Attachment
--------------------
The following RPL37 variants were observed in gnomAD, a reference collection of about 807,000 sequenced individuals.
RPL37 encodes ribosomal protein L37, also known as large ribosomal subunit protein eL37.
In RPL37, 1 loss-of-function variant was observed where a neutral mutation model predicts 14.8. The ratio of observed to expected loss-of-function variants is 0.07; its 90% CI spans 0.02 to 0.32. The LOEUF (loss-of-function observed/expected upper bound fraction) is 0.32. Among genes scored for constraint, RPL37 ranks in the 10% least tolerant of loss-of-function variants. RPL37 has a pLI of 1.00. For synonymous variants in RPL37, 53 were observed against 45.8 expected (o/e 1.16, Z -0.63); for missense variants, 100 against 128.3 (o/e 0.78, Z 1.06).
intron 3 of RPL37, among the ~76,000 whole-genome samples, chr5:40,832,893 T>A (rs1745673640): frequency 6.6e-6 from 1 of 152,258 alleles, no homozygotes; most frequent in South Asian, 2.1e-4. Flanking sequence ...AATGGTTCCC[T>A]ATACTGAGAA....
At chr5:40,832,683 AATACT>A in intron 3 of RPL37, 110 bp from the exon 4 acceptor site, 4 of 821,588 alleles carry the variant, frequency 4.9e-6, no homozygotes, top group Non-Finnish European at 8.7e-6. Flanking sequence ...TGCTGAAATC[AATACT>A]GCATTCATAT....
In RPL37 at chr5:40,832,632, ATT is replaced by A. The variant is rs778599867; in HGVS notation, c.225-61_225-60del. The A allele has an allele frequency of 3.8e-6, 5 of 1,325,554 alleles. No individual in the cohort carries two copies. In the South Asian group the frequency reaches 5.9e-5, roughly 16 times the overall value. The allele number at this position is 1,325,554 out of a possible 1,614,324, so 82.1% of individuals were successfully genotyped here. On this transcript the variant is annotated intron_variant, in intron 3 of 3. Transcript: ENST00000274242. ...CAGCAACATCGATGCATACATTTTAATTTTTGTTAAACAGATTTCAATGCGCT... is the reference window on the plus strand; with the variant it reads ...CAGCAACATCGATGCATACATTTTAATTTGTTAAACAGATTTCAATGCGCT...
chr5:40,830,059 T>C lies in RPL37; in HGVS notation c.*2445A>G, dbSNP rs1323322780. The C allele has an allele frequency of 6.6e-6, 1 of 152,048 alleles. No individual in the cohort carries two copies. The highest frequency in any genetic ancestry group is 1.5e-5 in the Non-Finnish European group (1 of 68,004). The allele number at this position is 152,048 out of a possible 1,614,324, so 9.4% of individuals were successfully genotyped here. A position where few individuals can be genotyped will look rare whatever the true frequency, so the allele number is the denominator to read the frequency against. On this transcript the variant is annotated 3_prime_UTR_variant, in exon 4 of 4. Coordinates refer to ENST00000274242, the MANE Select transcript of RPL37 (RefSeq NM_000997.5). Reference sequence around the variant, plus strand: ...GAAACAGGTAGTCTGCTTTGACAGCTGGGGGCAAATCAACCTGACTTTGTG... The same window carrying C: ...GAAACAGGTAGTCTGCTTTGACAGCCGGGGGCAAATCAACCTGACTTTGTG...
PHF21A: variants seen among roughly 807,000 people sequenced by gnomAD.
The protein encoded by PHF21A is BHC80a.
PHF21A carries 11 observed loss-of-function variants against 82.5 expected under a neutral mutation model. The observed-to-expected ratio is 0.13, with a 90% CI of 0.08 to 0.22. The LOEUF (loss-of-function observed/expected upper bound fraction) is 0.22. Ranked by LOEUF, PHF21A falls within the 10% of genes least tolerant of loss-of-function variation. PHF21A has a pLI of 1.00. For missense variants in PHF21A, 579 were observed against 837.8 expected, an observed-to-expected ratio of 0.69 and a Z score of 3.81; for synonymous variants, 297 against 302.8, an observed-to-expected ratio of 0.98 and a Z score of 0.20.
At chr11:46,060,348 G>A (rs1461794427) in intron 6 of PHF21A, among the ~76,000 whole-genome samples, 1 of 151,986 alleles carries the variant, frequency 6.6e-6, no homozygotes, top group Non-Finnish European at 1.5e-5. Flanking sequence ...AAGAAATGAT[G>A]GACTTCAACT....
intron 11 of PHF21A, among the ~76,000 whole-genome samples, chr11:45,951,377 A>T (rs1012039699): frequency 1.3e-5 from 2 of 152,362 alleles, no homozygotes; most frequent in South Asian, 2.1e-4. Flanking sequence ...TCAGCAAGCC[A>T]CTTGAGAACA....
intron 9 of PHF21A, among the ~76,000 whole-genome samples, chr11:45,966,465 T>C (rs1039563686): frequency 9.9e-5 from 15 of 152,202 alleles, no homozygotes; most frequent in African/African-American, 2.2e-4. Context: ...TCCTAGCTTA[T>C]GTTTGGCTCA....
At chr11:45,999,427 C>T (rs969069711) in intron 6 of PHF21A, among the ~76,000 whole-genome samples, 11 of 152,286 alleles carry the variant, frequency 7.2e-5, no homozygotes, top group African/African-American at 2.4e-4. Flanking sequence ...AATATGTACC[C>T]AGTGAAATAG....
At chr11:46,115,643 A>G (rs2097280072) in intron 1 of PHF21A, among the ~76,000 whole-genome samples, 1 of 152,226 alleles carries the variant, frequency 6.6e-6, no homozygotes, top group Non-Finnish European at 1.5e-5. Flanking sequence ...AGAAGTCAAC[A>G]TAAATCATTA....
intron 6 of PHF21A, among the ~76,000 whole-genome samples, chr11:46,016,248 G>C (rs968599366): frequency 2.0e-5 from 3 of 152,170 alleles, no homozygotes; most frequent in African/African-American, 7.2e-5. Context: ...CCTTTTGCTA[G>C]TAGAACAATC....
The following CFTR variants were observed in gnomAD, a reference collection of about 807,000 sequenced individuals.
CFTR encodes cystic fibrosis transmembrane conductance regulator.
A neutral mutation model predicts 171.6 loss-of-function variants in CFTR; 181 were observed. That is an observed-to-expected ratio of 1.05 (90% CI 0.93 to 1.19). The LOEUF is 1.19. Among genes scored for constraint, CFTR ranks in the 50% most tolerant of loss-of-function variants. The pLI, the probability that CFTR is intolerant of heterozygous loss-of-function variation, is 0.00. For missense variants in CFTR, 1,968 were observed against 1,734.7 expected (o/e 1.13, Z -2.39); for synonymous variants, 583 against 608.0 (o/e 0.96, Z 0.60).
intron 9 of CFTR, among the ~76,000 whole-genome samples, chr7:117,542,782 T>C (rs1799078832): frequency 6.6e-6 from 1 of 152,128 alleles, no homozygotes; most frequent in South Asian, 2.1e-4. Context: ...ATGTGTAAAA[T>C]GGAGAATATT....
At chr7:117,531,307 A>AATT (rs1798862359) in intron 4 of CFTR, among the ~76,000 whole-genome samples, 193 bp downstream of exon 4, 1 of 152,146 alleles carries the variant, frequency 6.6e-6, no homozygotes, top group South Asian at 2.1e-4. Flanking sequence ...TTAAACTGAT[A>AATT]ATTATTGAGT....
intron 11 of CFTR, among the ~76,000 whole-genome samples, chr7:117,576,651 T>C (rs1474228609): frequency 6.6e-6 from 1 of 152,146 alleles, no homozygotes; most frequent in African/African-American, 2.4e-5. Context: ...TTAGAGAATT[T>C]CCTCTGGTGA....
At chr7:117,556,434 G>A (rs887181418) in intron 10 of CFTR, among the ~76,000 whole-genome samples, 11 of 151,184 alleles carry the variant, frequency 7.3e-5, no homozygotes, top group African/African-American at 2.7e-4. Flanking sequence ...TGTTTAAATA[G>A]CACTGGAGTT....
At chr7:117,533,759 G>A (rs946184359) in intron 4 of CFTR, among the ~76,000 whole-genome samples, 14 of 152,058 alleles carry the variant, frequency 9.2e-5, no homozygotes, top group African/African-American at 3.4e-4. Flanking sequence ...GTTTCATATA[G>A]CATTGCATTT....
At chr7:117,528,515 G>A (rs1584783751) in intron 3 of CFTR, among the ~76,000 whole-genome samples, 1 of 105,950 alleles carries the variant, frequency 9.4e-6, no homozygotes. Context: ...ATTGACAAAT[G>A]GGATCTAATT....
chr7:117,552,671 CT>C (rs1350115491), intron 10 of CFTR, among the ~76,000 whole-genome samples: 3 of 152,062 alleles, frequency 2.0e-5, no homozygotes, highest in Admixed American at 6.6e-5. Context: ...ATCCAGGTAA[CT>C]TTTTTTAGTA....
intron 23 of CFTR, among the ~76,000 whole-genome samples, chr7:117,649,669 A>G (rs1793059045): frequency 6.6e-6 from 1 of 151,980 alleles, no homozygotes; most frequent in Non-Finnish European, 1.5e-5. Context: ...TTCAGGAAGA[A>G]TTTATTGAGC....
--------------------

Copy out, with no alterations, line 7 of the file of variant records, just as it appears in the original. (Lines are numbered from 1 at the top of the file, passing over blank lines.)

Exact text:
chr5:40,830,059 T>C lies in RPL37; in HGVS notation c.*2445A>G, dbSNP rs1323322780. The C allele has an allele frequency of 6.6e-6, 1 of 152,048 alleles. No individual in the cohort carries two copies. The highest frequency in any genetic ancestry group is 1.5e-5 in the Non-Finnish European group (1 of 68,004). The allele number at this position is 152,048 out of a possible 1,614,324, so 9.4% of individuals were successfully genotyped here. A position where few individuals can be genotyped will look rare whatever the true frequency, so the allele number is the denominator to read the frequency against. On this transcript the variant is annotated 3_prime_UTR_variant, in exon 4 of 4. Coordinates refer to ENST00000274242, the MANE Select transcript of RPL37 (RefSeq NM_000997.5). Reference sequence around the variant, plus strand: ...GAAACAGGTAGTCTGCTTTGACAGCTGGGGGCAAATCAACCTGACTTTGTG... The same window carrying C: ...GAAACAGGTAGTCTGCTTTGACAGCCGGGGGCAAATCAACCTGACTTTGTG...